Rick Shannon is a middle-aged disc jockey who's worked in 15 markets in 20 years. He's been in radio since Imagine and Sticky Fingers were new, has seen the heyday of AOR radio as it morphed into Classic Rock, and watched Clear Channel--um, "Clean Signal"--buy up radio stations all over the country and use market research and focus groups to homogenize radio so that it's safe for everyone.
As Radio Activity begins Rick has lost another job--as the night jock at KBND-FM in Bismarck, North Dakota. We meet him as he's trying to sell off some of his most prized possessions, including a first pressing of The Piper at the Gates of Dawn which is signed by the entire band--including poor, crazy Syd Barrett!--for gas money. After accepting thirty bucks for his treasure and giving the rest of his box of albums to the down-on-his-luck formerly great DJ hanging around cadging quarters and smokes outside the used record store, Rick heads back to his apartment to find a job offer waiting for him.
Even though he's as much as convinced himself that it's time to get out of radio, Rick gets in his truck and drives the 1600 miles to McRae, Mississippi, only to learn that in addition to being bumped to his nightmare time slot of morning drive time (Rick's an evening jock), he's received a dubious promotion. He's now program director, and he gets to program with complete freedom within the Classic Rock format.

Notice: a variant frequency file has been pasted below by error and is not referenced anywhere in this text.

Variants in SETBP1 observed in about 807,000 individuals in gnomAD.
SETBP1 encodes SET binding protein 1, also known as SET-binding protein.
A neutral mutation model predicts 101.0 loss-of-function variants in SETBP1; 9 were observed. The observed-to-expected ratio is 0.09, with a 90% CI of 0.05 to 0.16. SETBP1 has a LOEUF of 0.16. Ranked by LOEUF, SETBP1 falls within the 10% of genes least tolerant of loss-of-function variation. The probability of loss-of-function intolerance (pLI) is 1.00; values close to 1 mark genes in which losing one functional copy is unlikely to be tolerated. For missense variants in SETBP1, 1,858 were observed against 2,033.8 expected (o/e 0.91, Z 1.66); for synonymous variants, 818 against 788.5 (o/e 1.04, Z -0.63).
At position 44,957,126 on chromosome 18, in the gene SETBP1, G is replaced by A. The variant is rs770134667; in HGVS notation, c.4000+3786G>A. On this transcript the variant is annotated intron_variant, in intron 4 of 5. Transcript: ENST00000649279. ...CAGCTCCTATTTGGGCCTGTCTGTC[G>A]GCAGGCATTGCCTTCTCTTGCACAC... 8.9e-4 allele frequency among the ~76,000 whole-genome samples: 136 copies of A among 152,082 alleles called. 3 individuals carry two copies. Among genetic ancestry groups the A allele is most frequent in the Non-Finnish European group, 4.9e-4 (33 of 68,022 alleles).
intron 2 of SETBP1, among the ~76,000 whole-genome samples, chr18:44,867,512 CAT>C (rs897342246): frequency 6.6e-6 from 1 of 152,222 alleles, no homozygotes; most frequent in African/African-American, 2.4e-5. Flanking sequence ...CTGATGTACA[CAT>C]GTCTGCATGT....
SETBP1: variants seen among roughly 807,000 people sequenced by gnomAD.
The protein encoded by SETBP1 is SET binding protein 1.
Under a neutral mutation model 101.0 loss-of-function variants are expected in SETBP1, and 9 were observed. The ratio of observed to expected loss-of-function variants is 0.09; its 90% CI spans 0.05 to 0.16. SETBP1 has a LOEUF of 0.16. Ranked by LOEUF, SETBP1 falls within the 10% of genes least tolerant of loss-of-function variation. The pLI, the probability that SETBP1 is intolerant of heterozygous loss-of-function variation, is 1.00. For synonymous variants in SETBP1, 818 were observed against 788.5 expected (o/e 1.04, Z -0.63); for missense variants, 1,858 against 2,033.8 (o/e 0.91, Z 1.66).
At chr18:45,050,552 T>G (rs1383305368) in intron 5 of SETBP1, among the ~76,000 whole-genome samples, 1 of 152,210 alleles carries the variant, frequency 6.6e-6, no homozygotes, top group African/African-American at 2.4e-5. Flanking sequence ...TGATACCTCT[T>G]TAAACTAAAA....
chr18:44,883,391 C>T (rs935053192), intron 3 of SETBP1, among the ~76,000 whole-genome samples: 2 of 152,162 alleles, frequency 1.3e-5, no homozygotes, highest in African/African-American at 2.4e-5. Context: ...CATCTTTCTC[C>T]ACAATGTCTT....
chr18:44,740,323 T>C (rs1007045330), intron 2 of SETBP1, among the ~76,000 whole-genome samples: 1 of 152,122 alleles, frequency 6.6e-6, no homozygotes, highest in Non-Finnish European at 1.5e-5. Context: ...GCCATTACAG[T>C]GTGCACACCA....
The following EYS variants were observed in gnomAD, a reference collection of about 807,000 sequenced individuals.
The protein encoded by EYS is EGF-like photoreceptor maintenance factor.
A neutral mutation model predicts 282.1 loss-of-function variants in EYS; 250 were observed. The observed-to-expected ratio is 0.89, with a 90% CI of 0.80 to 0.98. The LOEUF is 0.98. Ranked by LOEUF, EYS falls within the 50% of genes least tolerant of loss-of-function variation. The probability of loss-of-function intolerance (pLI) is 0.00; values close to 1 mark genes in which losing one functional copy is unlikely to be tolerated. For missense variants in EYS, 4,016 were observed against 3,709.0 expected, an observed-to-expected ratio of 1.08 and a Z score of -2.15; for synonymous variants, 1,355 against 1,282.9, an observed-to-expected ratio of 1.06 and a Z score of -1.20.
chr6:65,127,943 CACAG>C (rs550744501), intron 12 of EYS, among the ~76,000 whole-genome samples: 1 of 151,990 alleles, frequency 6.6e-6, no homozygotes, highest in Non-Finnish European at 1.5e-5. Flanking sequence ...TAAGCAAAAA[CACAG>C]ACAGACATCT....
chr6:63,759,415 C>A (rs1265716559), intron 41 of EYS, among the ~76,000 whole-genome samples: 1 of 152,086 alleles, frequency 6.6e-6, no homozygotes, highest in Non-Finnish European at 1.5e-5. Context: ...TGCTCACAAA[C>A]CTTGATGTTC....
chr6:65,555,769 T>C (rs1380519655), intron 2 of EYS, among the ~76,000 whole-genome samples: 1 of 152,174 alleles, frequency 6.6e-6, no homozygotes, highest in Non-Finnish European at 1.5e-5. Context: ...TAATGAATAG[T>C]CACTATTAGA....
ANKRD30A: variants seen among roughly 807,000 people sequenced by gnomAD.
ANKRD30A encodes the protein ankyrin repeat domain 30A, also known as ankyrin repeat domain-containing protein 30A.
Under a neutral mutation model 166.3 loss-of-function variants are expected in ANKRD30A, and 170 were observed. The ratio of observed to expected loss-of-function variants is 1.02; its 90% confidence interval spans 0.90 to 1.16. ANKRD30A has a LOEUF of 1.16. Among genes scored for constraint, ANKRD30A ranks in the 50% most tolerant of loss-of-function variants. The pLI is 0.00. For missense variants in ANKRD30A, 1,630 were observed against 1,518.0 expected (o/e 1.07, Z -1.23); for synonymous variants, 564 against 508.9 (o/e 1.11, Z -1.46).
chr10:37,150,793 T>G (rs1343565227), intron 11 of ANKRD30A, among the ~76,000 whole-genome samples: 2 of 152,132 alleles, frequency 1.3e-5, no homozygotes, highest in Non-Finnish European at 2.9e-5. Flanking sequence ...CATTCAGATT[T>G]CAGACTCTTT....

Trouble is, Rick was offered the DJ position because the jock before him stopped showing up to work, and it's not long at all before he realizes that foul play is involved. Thus emerges PI Buddy Miles (a pseudonym cadged from a former Jimi Hendrix drummer), tentative and bumbling but able to get the job done.
The action unfolds amid amazing deep catalog play lists and endless discussions of how to define classic rock (the Band's Last Waltz is designated the end of the era--although whether the actual concert or the release of the album and film a couple of years later remains to be determined--but the beginning of the era is only loosely defined as 1963), and if you have any interest at all in the music of the time you'll be scrambling to dust off your turntable and haul out your vinyl records.
Bill Fitzhugh is a funny, funny guy, and a damn good writer. Radio Activity is highly recommended as a smart, quick read which, though it goes down fast and easy will leave you full and satisfied.
2 months ago